Government policy in Seattle, Washington, is being driven by an outright socialist on the city council. The mayor, apparently starving for attention, proposed a goofy new sin tax last year.
Now, writes Reason’s Baylen Linnekin, “Seattle lawmakers are expected to vote early next week on a citywide soda tax that would add more than $2.50 to the cost of a twelve-pack of soda.”
The tax’s proponents’ rationale is too familiar: sugary sodas are bad for us, so we must be discouraged from drinking them.
Besides, politicians want to spend our money.
The problem, of course, is that the more successful they are at the first task, discouraging the ‘sin’ itself, the less revenue for them to throw at voters to prove their ‘caring’ nature . . . and buy votes.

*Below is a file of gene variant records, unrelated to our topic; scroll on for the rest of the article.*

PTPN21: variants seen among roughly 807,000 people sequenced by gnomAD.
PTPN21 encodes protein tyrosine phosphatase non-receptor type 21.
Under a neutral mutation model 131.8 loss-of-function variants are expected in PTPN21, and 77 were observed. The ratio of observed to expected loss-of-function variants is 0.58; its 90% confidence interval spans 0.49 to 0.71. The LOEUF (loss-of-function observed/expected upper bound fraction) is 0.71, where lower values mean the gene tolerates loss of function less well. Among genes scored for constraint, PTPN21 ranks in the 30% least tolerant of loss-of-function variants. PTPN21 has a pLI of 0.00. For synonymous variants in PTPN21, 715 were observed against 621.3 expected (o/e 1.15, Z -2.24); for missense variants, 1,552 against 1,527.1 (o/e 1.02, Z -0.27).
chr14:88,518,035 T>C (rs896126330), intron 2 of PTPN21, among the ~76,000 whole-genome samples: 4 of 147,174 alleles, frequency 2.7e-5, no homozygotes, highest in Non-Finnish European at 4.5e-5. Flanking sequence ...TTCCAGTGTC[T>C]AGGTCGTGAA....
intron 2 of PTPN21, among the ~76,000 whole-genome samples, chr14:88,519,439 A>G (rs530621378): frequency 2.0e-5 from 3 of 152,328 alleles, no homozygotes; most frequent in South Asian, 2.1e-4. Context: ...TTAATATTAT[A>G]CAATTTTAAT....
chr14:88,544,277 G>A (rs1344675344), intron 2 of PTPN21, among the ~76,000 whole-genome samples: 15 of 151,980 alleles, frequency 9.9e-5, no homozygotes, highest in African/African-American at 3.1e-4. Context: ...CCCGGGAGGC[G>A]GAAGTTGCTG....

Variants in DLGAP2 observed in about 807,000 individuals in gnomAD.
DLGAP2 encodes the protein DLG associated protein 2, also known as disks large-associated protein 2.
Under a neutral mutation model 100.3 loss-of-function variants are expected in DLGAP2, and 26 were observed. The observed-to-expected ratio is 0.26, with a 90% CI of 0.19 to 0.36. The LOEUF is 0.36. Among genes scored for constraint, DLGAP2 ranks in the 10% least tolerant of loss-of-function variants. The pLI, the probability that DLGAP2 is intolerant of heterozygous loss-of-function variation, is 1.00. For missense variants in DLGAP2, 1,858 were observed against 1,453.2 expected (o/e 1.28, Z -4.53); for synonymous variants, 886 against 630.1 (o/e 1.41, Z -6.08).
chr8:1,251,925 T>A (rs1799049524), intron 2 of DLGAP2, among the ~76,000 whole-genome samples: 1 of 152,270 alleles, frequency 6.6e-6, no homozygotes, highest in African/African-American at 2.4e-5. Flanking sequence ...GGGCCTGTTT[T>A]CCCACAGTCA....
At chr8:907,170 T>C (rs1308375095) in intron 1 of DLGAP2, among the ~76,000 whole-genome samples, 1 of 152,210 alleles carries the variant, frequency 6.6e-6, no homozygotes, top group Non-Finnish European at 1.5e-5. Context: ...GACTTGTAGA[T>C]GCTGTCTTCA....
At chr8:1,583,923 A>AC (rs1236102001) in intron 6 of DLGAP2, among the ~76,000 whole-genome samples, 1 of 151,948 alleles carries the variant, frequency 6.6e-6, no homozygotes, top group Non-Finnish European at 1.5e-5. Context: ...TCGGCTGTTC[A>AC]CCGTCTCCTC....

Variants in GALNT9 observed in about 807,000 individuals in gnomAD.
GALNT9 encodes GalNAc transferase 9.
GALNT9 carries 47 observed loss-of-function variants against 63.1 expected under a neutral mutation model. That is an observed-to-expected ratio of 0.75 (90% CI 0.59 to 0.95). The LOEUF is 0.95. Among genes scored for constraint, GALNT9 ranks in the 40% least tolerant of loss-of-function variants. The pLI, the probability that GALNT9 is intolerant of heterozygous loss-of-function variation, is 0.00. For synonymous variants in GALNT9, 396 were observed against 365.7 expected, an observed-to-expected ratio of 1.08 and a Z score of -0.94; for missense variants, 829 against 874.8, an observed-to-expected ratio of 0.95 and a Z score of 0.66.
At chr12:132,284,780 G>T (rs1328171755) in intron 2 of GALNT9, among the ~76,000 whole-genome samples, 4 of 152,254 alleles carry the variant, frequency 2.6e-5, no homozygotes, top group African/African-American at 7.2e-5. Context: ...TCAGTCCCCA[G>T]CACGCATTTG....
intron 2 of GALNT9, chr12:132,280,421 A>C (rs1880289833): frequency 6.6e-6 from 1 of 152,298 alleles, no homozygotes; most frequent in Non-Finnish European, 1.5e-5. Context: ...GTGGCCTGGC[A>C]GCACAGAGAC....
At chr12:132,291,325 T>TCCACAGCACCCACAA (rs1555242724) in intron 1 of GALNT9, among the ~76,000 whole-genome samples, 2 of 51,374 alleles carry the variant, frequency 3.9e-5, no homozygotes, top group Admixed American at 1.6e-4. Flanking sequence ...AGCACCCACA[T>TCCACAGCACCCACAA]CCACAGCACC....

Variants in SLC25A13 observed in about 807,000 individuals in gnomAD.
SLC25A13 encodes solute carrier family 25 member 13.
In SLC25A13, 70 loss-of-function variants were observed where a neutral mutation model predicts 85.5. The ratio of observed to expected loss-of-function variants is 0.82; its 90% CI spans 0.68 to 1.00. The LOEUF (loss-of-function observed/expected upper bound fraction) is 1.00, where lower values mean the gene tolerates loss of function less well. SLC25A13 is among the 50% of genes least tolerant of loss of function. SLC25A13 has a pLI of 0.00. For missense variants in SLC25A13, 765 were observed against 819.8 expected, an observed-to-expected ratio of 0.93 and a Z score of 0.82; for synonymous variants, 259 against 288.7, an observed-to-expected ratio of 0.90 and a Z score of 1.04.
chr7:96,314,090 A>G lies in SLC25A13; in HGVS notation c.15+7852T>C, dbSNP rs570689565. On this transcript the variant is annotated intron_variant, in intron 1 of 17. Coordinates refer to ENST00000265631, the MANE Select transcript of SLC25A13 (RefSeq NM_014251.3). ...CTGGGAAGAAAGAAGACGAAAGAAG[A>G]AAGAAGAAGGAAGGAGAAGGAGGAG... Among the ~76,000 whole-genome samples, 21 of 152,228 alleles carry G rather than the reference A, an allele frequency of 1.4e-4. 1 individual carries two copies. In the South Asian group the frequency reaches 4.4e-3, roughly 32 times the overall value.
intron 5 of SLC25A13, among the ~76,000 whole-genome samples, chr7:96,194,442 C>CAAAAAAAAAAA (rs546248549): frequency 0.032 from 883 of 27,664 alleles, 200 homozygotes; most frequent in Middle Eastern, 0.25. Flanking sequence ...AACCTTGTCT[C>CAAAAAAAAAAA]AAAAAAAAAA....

But it is not as if those are the only competing factors involved. “The tax would undoubtedly drive consumers,” writes Linnekin, “to buy more groceries in the city’s suburbs.” Bellevue and Kirkland are nice towns. And nearby.
Arguing for a tax like this — as a social engineering mechanism — is not only crude, but flies in the face of the very best wisdom, that of Jean-Baptiste Say:
A tax can never be favorable to the public welfare, except by the good use that is made of its proceeds.
But elitist nannyism corrupts politicians, who make it their job to steer our consumption.* And they tend to be resistant to the “best scheme of finance,” which is, as J.-B. Say put it, “to spend as little as possible; and the best tax is always the lightest.”
If the tax goes in, Seattleites, drive to out-of-town Costco or Walmart.
Then drive your greedy nannies out of office.
This is Common Sense. I’m Paul Jacob.
* Considering the mayor’s push to include diet sodas in the sin tax, how competent at this are they? It’s the sugary drinks that are known killers, but the diet drinks are mainly imbibed by wealthier folks. The mayor wants to appease the socialist on the council, and pointedly not favor the “privileged.”